- There are likely three reasons for the reduction in the number of required measures:
- The existential requirement of political expediency—Medicare won’t do well if they make everyone unhappy. Trading one painful policy to relieve some barriers can be considered a nod to political expediency.
- CMS is committed to the “meaningful measures initiative” to move toward meaningful measures instead of measures for the sake of measurement.
- CMS is also committed to reducing the burden of measurement for providers.
- In the case of the APM Performance Pathway (APP), focusing on the three chosen measures fulfills all three requirements. Reduction in the total number of measures is politically expedient, gives a nod to the goal of reducing burden, and the three chosen measures fit the meaningful measures initiative well.
Question Three: MIPS and ACO Quality Submissions
Karen asks: “What are the implications to a practice when there are some providers reporting quality with the ACO and others that are MIPS participants?”
- Every APM has some reporting requirements, whether those requirements are unique to the specific APM or piggyback on some other reporting program like MIPS.
- Those who are qualified participants in your ACO will not make a MIPS submission. They’ll submit with the ACO’s quality submission.
- For MIPS providers, the requirements are dependent on how you report. Only those needing a MIPS submission will submit MIPS if you report as individuals. But, with the enormous advantages of group submissions over individual submissions, it’s more likely your MIPS participants will submit as a group.
- According to CMS, group submissions should include all patients, all insurers, and all providers in the group.
Question Four: EMR Certification and APMs
Karen asks: “Is it a requirement that the EMR be certified to participate in an APM? Would we have to implement a patient portal?”
- A certified EHR is a requirement for all Alternative Payment Models (APMs).
- We know from Karen’s earlier questions that their organization is joining an MSSP ACO. The current requirement for MSSPs is that 75% of the participating providers are on a certified EHR.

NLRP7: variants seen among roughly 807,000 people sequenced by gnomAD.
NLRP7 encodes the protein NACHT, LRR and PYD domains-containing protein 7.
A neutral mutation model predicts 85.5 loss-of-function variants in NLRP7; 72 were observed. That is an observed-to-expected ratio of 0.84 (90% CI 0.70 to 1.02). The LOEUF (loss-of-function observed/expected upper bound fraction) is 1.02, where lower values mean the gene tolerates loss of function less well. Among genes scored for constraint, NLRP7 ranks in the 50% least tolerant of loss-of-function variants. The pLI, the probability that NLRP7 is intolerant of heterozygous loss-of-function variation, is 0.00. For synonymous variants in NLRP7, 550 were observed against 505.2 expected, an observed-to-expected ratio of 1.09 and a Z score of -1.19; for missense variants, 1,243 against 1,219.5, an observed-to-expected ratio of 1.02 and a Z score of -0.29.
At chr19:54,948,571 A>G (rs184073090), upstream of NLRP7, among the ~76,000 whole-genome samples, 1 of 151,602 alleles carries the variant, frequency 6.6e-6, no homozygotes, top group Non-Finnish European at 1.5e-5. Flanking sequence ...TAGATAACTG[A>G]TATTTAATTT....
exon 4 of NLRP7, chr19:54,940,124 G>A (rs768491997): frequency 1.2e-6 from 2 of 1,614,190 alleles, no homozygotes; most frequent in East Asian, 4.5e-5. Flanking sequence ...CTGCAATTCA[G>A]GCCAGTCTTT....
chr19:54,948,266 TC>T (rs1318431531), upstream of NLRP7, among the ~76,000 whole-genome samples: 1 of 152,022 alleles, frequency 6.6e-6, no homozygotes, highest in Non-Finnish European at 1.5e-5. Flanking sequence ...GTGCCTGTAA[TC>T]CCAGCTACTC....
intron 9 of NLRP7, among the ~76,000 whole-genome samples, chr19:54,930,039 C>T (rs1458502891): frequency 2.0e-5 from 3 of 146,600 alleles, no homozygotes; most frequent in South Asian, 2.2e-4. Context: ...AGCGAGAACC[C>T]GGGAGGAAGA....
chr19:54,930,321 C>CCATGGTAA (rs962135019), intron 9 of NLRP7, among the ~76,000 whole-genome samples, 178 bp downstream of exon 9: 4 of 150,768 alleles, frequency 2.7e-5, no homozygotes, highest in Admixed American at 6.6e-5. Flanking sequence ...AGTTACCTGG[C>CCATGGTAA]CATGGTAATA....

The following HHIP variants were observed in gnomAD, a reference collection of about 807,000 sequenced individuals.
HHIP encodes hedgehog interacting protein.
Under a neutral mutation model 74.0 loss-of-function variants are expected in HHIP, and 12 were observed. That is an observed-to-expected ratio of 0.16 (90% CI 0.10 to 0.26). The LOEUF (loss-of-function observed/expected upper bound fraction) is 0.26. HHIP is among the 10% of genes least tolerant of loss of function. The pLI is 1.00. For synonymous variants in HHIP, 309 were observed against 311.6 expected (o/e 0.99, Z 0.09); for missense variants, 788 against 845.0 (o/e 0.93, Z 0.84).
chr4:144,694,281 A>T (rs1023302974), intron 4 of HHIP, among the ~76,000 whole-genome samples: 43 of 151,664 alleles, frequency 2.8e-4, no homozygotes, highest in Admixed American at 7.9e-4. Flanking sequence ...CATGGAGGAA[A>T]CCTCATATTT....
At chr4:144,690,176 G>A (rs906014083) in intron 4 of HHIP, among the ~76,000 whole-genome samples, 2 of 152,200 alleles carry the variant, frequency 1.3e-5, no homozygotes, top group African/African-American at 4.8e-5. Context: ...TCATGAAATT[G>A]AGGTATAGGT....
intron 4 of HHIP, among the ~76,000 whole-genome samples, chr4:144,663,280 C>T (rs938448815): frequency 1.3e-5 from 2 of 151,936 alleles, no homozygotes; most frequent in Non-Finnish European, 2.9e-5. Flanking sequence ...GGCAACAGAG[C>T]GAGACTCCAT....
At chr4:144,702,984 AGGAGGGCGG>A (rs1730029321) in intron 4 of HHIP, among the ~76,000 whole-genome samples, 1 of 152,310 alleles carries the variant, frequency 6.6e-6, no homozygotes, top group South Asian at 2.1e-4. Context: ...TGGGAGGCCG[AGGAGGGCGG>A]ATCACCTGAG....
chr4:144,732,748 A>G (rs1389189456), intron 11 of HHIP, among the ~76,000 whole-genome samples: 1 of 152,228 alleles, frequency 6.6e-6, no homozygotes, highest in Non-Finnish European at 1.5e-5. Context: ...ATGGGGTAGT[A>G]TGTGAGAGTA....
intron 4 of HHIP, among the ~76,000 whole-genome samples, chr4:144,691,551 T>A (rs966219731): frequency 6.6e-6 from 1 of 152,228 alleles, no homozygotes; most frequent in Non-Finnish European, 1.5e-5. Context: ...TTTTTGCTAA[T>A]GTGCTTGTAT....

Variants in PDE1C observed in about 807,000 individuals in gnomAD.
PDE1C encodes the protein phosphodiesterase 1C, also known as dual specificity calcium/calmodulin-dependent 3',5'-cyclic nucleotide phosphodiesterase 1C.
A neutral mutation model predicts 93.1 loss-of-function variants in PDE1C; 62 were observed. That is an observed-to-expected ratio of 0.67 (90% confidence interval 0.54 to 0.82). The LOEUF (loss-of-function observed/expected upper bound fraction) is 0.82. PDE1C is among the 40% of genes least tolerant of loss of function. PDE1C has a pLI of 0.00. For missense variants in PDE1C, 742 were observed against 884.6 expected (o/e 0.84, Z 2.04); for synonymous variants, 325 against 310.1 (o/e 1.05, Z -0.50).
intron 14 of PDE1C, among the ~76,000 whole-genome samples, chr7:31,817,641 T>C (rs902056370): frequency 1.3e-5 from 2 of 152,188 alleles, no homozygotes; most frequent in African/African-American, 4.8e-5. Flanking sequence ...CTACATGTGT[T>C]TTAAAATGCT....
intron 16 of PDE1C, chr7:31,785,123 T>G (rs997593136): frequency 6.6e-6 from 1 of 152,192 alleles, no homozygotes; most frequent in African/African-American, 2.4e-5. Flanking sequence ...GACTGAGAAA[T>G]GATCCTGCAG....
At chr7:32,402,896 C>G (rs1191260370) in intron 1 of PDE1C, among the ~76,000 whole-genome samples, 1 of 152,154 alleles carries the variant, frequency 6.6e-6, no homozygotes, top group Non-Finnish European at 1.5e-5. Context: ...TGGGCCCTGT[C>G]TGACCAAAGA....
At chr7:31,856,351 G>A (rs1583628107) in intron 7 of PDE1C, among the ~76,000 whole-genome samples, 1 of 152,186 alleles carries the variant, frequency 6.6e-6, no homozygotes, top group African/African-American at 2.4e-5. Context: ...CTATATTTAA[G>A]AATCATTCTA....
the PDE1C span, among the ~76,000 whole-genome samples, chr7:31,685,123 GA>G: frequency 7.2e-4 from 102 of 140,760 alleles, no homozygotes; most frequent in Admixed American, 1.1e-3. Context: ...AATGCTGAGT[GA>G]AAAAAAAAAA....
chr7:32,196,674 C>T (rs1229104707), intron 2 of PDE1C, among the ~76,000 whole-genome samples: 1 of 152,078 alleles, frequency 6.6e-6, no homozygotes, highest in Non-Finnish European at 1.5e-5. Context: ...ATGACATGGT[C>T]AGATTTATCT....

- So, a certified EHR isn’t exactly a requirement. The 25% allowance can cover practices that don’t have an EHR or are on an uncertified EHR.
- The patient portal issue is a little bit different.
- You’re not required to have a patient portal if you’re a qualified participant in an advanced APM (although it’s still a great idea).
- If you’re in a MIPS APM, your score for the Promoting Interoperability performance category will contribute to your global MIPS score. In this case, the patient portal counts for 40 points out of your possible 100 points for Promoting Interoperability.
- There are 10 bonus points available to offset some of the 40 point loss you’ll encounter without a patient portal.
- While not having a patient portal will impact your Promoting Interoperability score, you can still make it up with your other scores for Quality, Cost, and Improvement Activities to attain a high overall MIPS score.
Send us your value-based care questions!
If you’d like to ask a question about the APP transition, MIPS, Primary Care First, ACO quality reporting, or any other Alternative Payment Model, you can reach out to us in three ways:
- You can leave your questions in a YouTube comment under any episode of Ask Dr. Mingle.
- On LinkedIn, leave your questions in a comment on any of our posts.
- And you can reach out directly by sending an email to email@example.com.
As we transition into value-based care, understanding HCC coding has become essential for organizations to succeed in new payment models. Our blog post, "HCC Coding & Value-Based Care: Key to Success for Primary Care First", contains helpful information on HCC coding and how it can impact performance in innovative programs like Primary Care First.